Old Newspaper Collections Project

By Clayton, Deb, & Holice

Cooperstown Freeman's Journal


Extra special thanks to Holice B. Young for being such a trooper and typing a ton of old news articles! Without her this project wouldn't be here!



(The following is a true description of a beautiful locality;)


(From the Cooperstown Freeman's Journal)

OUR VILLAGE.--While the paper, right and left, are extolling the various watering places and country retreats of both north and south, little of the or nothing has been said to draw into notice the region about the headwaters of the Susquehanna, altho it is surpassed by no other for its natural advatages at least and for a residence during five months of the year.

Of all this extensive region, few who know it well will hesitate about conceding to this place the superiority, in situation, facilities, beauty of scenery, improvements, and perhaps we might add local interest, over all the other villages of the mountain district.

Cooperstown lies in a rich valley which is, in itself, elevated about twelve hundred feet above the sea. It has a Swiss climate, with the advantage of being exempt from incessant rains. Those who have traveled, are struck with its strong resemblance in many particulars to the part of Europe just named. We want glaciers and mountains of granite, it is true; nor is it Otsego the Lake of Geneva; but our mountains are very beautiful, they abound with lovely views, and our little basin of water is as pure, and far more richly stored, than the celebrated Sheet of the Leman. Those who like a ramble in pure air, among forests, or a row by moonlight under dark pines, will be pleased with a temporary residence in our valley, and our hills furnish a hundred pleasant look-outs, and picturesque glens.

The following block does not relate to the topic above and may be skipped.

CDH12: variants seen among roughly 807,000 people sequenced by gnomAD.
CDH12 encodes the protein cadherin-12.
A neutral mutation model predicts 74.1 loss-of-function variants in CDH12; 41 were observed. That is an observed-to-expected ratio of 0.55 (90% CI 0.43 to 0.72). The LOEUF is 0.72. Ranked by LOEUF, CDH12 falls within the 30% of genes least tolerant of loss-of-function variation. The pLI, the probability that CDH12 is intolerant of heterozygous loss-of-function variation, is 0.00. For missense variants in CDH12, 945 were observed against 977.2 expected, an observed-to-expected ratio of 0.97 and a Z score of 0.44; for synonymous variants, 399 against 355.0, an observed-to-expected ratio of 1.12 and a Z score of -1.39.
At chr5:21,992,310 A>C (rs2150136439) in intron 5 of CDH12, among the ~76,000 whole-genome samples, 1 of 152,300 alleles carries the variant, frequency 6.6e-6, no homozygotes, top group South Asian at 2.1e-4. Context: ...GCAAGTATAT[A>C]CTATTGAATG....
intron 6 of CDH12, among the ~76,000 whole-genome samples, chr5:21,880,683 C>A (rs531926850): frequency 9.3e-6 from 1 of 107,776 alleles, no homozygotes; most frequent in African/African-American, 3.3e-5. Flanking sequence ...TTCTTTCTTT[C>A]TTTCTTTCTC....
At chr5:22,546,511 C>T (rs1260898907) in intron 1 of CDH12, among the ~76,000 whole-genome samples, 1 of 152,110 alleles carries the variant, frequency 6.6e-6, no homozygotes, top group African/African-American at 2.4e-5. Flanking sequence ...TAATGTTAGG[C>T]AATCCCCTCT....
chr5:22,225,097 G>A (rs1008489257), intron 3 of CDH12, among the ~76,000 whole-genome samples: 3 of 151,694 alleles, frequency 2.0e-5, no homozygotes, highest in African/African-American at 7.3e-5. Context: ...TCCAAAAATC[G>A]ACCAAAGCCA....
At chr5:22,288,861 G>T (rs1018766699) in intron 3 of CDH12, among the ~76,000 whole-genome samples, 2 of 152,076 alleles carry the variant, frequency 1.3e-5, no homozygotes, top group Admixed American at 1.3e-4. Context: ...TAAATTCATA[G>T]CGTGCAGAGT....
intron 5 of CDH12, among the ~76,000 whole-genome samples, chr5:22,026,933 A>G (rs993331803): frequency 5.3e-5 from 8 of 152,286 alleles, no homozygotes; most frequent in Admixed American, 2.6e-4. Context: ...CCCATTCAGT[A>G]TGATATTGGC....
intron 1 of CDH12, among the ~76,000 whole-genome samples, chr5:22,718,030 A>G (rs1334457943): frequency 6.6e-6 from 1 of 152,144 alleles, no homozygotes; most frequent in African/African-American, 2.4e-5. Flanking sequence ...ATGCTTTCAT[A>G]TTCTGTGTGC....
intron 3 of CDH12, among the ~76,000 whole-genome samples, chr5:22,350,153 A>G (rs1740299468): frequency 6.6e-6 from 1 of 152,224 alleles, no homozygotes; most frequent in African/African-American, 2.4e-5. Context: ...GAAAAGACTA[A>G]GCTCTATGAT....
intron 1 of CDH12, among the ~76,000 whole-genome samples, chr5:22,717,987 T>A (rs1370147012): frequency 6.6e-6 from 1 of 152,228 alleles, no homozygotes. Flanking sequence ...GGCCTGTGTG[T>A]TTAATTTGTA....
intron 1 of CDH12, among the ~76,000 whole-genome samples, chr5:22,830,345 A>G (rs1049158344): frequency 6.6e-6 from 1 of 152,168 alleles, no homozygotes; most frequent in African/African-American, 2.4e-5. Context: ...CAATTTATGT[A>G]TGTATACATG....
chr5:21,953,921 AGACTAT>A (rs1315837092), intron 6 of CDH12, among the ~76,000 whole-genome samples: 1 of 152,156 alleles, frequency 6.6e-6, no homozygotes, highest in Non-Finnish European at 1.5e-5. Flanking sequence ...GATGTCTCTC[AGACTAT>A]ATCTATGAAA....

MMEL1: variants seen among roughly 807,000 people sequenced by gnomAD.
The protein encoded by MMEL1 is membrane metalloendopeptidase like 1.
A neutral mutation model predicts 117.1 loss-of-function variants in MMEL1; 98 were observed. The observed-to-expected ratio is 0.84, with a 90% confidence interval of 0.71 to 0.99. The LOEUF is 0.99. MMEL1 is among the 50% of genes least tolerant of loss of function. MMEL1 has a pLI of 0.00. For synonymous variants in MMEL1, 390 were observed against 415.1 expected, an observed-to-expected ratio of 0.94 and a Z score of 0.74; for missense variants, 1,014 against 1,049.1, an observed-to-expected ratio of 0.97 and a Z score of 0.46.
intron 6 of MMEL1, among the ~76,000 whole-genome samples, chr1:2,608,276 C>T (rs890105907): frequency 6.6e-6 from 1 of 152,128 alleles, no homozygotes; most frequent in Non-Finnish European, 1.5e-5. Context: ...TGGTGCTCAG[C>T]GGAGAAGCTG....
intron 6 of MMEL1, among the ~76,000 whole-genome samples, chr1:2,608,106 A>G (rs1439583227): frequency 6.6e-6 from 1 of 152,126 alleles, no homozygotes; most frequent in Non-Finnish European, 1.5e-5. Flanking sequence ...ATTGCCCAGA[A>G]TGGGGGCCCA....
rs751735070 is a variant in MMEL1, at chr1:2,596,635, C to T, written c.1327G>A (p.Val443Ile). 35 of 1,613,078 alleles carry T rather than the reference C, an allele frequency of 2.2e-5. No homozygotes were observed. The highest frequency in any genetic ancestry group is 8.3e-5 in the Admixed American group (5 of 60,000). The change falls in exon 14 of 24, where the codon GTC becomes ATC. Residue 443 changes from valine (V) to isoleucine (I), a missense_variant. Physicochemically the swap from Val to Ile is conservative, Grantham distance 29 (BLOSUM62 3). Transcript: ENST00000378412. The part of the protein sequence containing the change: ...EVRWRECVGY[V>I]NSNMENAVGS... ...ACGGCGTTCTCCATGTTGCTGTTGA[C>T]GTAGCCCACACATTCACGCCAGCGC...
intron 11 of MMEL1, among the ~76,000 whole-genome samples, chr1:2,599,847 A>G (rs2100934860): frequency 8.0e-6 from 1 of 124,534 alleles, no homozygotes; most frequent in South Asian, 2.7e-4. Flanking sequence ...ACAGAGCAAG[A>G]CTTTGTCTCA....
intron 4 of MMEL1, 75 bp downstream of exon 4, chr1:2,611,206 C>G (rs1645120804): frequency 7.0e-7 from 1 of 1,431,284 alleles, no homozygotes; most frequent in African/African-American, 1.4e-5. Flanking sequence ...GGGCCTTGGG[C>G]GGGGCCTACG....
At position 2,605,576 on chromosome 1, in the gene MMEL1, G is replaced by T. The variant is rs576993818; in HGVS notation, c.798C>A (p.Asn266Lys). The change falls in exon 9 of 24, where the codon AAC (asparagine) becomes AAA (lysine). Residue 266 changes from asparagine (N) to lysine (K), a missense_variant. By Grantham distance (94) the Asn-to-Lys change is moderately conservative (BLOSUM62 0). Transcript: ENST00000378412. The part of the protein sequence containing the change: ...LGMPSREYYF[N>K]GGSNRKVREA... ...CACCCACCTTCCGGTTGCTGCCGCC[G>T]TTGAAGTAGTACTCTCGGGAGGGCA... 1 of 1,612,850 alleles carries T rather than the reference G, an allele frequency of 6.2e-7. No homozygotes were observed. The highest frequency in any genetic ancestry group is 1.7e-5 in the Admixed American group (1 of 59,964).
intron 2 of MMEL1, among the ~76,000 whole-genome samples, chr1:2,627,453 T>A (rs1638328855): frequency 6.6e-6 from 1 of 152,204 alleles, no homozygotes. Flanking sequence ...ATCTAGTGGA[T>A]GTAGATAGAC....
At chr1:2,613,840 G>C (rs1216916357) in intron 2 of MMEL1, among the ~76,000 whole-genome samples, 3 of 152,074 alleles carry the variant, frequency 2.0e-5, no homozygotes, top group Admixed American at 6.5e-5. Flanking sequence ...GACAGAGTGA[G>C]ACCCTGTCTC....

If the traveler, who has leisure, would turn aside for a few days, and pass them in Otsego, we can almost pledge ourselves that he would feel compensated for his pains. A stage runs daily between Fort Plain, on the west canal, and Cooperstown, and the distance is only twenty-two miles. There are stages too, either daily or three times a week, to Utica, Binghamton, Sherburne and Bainbridge. We shall not extol the roads, than they are no worse than most of the others of the state, during the summer.

Houses of accommodation have been waiting of late, in this village. In this particular, however, there is a great change for the better this season, and there is a promise of future improvement. Nothing is wanting but encouragement, to bring us up to any other place in this respect. Boarding is cheap, and the fare, without laying claim to the science of the cuisine, is fresh and wholesome. After July, it may be termed good, for an inland town. Our mutton is justly considered excellent. The fish of the lake are uniformly firm and edible. The bass, the salmon trout, and the pickerel, are said by epicures to equal any fish of the sort that are known. The inns have hitherto been too negligent of these dainties, but there is a promise of amendment in this respect.

It has been a matter of surprise to us, that the banks of the Otsego have so long been neglected by those who have sought country residences. There are a hundred beautiful sites on its twenty miles of margin, and land is dog cheap. At present there are but a few of these beautiful situations occupied. Hyde, at the north end of the lake, is one of the best bonuses in the state. Lakelands, Fennimore, and Woodside are all more than pretty faces, and all command fine views. That one from Fennimore is one of the best that we know. The others are little inferior, each having its own peculiar features of the picturesque. There is much good feeling, hospitality, and kindness too in our neighborhood.

The village abounds with popular abodes. The old Hall, which has lain tenantless and neglected for years, is now repairing, the grounds are improving, and the place promises to be more beautiful than ever. Riversedge, a very good house, is also occupied again, and is to be repaired and improved. The Susquehanna takes its rise between this place and Lakelands.

On the whole, we repeat that Cooperstown is not sufficiently known, or sufficiently visited, and we ask of those who have leisure, to turn aside and look at us.

There are six India Rubber companies manufacturing companies chartered by the legislature of Massachusetts----capitals from $50,000 to $100,000

Copyright Clayton Betzing, 2001

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